Dianne Longley – Fantastic Grotesque
Wolfgang Kayser was the first writer in the modern era (1957) to chronicle the appearance of the “grotesque” in art and literature.i His work reflected an increasing awareness and connection with the artistic conceits of the Gothic era (12-13th C.), with its decorative embellishment of cathedrals and manuscript and cartographic illumination. However, its stylistic roots can be traced back to the ancient Egyptians and the ornamental and cloisonné work of the Gothic tribes and other barbarians and pagans.ii
Indeed, the term “grotesque” is aligned to the discovery of murals in the underground passages of the Baths of Titus in the ruins of Nero’s Domus Aurea (Golden House) by the court artist Fabullus, dating back to c.64-68 AD. These were reproduced as engravings in 1778 and then 1786 and have since fallen into decline,iii but stylistically this kind of decoration was already commonplace in the aforementioned forms. So the source of the word is “grotto” and it is related to burial places and the subterranean world; and the word “grotesque” was first used to describe an artistic style in 1502 and made its way into the cultural mainstream of Europe in Renaissance Italy.
Kayser drew on the writing of Cristoph Martin Wieland (1775), who identified three types of caricature: true caricature, exaggerated caricature and fantastic caricature, which he called “grotesques … where the painter, disregarding the verimisilitude, gives rein to unchecked fancy … with the sole intention of provoking laughter, disgust, and surprise about the daring of his monstrous creations by the unnatural and absurd products of his imagination.”iv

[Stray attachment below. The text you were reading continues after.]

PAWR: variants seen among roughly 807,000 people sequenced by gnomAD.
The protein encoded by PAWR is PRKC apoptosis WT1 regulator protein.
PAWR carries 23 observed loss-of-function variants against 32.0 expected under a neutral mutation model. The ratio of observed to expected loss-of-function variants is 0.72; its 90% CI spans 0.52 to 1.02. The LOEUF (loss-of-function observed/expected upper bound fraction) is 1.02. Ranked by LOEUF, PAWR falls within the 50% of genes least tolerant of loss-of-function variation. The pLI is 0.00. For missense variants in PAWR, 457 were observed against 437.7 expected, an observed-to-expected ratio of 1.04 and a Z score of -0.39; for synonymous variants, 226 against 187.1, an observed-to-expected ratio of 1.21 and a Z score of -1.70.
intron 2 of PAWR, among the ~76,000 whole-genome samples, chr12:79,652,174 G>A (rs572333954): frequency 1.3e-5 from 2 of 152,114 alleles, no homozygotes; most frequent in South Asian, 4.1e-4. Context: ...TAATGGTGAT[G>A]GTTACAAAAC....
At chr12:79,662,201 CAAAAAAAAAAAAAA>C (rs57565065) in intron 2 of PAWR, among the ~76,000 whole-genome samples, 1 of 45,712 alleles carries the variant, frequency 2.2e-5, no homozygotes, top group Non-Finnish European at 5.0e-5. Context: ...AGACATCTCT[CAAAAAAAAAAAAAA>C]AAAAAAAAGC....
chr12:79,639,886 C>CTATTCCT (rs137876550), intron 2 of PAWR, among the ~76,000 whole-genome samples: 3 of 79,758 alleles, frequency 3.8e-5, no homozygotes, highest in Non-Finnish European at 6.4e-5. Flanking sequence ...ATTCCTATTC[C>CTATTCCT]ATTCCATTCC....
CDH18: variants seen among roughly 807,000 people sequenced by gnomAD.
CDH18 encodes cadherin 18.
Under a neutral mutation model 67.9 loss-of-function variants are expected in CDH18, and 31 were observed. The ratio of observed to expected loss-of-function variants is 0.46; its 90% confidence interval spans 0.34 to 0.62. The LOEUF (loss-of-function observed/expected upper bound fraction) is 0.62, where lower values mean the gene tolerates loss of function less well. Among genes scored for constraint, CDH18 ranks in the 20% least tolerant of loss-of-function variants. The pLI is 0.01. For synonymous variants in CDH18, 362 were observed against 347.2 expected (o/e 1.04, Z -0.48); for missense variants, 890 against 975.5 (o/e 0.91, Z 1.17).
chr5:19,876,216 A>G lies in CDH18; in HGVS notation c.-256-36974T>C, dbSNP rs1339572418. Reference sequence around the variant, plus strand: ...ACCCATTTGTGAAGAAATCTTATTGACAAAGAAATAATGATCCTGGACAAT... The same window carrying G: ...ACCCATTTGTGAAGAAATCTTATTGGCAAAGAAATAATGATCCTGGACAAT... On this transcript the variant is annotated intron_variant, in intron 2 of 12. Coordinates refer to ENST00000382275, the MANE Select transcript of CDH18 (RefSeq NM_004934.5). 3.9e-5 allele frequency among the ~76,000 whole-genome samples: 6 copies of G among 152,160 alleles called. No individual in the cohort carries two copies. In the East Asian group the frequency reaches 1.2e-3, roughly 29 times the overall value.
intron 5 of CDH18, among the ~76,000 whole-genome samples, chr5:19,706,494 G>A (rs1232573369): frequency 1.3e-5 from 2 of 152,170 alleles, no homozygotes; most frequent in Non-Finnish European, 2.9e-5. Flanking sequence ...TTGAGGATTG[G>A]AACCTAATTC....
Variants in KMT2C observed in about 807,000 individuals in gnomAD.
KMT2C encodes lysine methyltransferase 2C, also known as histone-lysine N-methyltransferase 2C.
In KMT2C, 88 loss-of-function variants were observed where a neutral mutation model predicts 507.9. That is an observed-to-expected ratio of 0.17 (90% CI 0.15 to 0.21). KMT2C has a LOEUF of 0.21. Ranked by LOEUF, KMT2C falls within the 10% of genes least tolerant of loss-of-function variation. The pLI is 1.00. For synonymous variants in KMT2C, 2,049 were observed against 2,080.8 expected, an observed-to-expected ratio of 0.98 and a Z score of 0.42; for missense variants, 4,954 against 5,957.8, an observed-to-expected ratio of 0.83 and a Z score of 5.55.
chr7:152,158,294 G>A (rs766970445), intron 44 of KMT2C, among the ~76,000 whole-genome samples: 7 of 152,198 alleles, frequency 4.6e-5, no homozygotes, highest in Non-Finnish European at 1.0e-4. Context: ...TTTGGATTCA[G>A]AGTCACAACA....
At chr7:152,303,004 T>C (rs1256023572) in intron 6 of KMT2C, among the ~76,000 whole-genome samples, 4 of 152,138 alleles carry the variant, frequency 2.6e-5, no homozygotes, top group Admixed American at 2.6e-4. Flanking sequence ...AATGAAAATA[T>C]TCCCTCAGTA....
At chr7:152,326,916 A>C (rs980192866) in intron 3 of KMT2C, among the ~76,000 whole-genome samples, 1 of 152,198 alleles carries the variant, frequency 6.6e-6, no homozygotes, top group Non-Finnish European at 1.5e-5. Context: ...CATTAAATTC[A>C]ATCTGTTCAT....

Dianne Longley connects with the latter form’s long history in her contemporary practice, conjuring personalized versions that are informed by an interest in illustration since the Middle Ages and contemporary, popular culture. Her references range from the aforementioned distant European origins to Japanese anime and kawaii. Such influences are particularly discernible in the intaglio and chine collé prints such as Unfolding and Steadfastness.
One fascinating aspect of her work is the continuity of its style, as her art has remained firmly grounded in a certain type of illustrative drawing, neither classical (for she avoids fastidious realism), nor modern (for she avoids recourse to the deconstructive impulses of tachism and expressionism). It centres on the fine rendering and detail offered by drypoint engraving, but in recent times she has incorporated photography as part of an expanding repertoire of tools and devices, and has transformed such source material via the electronic means of Adobe Photoshop to allow her to explore media on and off the page.
In Fantastic Grotesque, Longley’s imaginative starting point was a workshop in photopolymer printmaking in April 2008 at Broken Hill Regional Art Gallery which stemmed from the donation of Pro Hart’s etching press and a subsequent residency in July that year. The botanical settings her hybrid creatures and human figures inhabit are sourced from that arid environment, vaguely threatening to many city-dwellers and for such reasons chosen as the location for the grand-guignolesque Mad Max films.
Initially Longley selected three sites from gardens in Terowie and Silverton and recorded them as digital photographs, then transformed the photographs into a series of computer enhanced, colour-heightened prints that provided a framework for her imaginative legerdemain. Individual items were dislocated from their original contexts, isolated and then re-formed into new, surreal landscapes, in which she could situate her menagerie of grotesques.
After that beginning, Longley found more possibilities for her characters, by changing their scale and adopting new roles and forms, and by linking past explorations with these new elements of her expanding universe of formal and fictional language. This process adds to the sense of an overarching narrative or cosmology in her oeuvre.